Thursday, November 3, 2011

[EQ] Health Worker Shortages and Global Justice

Health Worker Shortages and Global Justice

Paula O’Brien and Lawrence O. Gostin
Milbank Memorial Fund, 2011

Available online PDF [119p.] at:

“………….The world is experiencing a critical and growing shortage of health workers needed to deliver essential health services, particularly in the poorest countries around the globe. This report details the scope of the shortage, examines its complex underlying causes within and across borders, and offers seven recommendations to the United States for using its leadership status to address the problem, while stressing the need for all countries and stakeholders to take action. These recommendations take into account and carefully balance the rights, interests, and obligations of individuals, communities, and governments alike.

The global human resource shortage is certainly much greater than 4.3 million health workers. And the shortage includes more than physicians and nurses—extending to health workers across the spectrum, including pharmacists, dentists, laboratory technicians, emergency medical personnel, public health specialists, health sector management, and administrative staff.

The human resource crisis affects developed and developing countries, but the global poor suffer disproportionately, not only because they have a much smaller workforce but also because their needs are so much greater. Of the 57 countries with critical shortages, 36 are in Africa. Africa has 25% of the world’s disease burden, but only 3% of the world’s health workers and 1% of the economic resources. In particular, there is an extreme imbalance in the distribution of the estimated 12 million working nurses worldwide: the nurse-to-population ratio is 10 times higher in Europe than in Africa or Southeast Asia, and 10 times higher in North America than in South America.

These sterile numbers mask the real human tragedy of health personnel shortages. Where there are vastly inadequate numbers of health workers trained and employed, people cannot enjoy the good health that will enable them to flourish. They have fewer opportunities to prevent and treat injuries and diseases or to relieve pain and suffering when they are sick or dying. According to the WHO, in many poor countries, the lack of health workers is a major factor in the deaths of large numbers of individuals who would survive if they had access to health care…..”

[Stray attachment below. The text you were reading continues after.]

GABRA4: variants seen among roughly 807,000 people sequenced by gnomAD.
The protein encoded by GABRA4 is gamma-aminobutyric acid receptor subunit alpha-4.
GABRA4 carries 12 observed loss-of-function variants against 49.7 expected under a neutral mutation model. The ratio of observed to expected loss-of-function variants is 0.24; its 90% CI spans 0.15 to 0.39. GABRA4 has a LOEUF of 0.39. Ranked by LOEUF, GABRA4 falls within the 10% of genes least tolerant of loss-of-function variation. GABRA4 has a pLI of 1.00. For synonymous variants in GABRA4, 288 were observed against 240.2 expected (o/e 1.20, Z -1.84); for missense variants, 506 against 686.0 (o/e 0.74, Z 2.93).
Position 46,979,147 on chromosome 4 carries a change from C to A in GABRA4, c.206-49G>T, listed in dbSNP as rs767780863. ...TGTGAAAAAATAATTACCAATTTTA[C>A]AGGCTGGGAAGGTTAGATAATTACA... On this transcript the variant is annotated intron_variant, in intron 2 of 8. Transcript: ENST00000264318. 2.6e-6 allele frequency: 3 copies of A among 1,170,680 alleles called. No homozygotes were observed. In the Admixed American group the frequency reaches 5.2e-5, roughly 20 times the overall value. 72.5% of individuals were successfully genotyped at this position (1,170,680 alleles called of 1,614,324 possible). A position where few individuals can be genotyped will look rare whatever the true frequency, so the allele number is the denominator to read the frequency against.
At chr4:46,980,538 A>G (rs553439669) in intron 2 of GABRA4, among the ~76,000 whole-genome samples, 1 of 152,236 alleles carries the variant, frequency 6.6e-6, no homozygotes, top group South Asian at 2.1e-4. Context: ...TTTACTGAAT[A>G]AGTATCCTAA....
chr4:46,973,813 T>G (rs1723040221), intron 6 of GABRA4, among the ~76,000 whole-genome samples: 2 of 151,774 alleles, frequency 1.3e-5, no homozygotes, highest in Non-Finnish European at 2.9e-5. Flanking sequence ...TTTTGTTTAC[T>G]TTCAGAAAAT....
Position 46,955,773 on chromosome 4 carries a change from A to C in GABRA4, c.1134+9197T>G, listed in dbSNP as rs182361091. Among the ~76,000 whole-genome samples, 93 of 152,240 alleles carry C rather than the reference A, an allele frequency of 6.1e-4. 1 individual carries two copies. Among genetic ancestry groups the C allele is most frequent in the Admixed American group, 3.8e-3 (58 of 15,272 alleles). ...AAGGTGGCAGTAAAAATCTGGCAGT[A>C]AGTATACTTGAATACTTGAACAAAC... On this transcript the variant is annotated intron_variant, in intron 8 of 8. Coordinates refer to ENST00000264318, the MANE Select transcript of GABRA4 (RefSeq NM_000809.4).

Foreword .

Chapter 1: The Global Health Worker Crisis—Executive Summary

Chapter 2: The Global Shortage of Health Workers

Chapter 3: The Global Health Worker Shortage—Causes .

Chapter 4: Toward a US Policy on the Global Health Workforce Shortage—Rights, Interests, and Obligations

Chapter 5: US Policy on the Global Human Resource

Shortage—Recommendations for Action





 *      *     *
This message from the Pan American Health Organization, PAHO/WHO, is part of an effort to disseminate
information Related to: Equity; Health inequality; Socioeconomic inequality in health; Socioeconomic
health differentials; Gender; Violence; Poverty; Health Economics; Health Legislation; Ethnicity; Ethics;
Information Technology - Virtual libraries; Research & Science issues.  [DD/ KMC Area]
Washington DC USA

“Materials provided in this electronic list are provided "as is". Unless expressly stated otherwise, the findings
and interpretations included in the Materials are those of the authors and not necessarily of The Pan American
Health Organization PAHO/WHO or its country members”.
PAHO/WHO Website
Equity List - Archives - Join/remove:

IMPORTANT: This transmission is for use by the intended
recipient and it may contain privileged, proprietary or
confidential information. If you are not the intended
recipient or a person responsible for delivering this
transmission to the intended recipient, you may not
disclose, copy or distribute this transmission or take
any action in reliance on it. If you received this transmission
in error, please dispose of and delete this transmission.

Thank you.

No comments: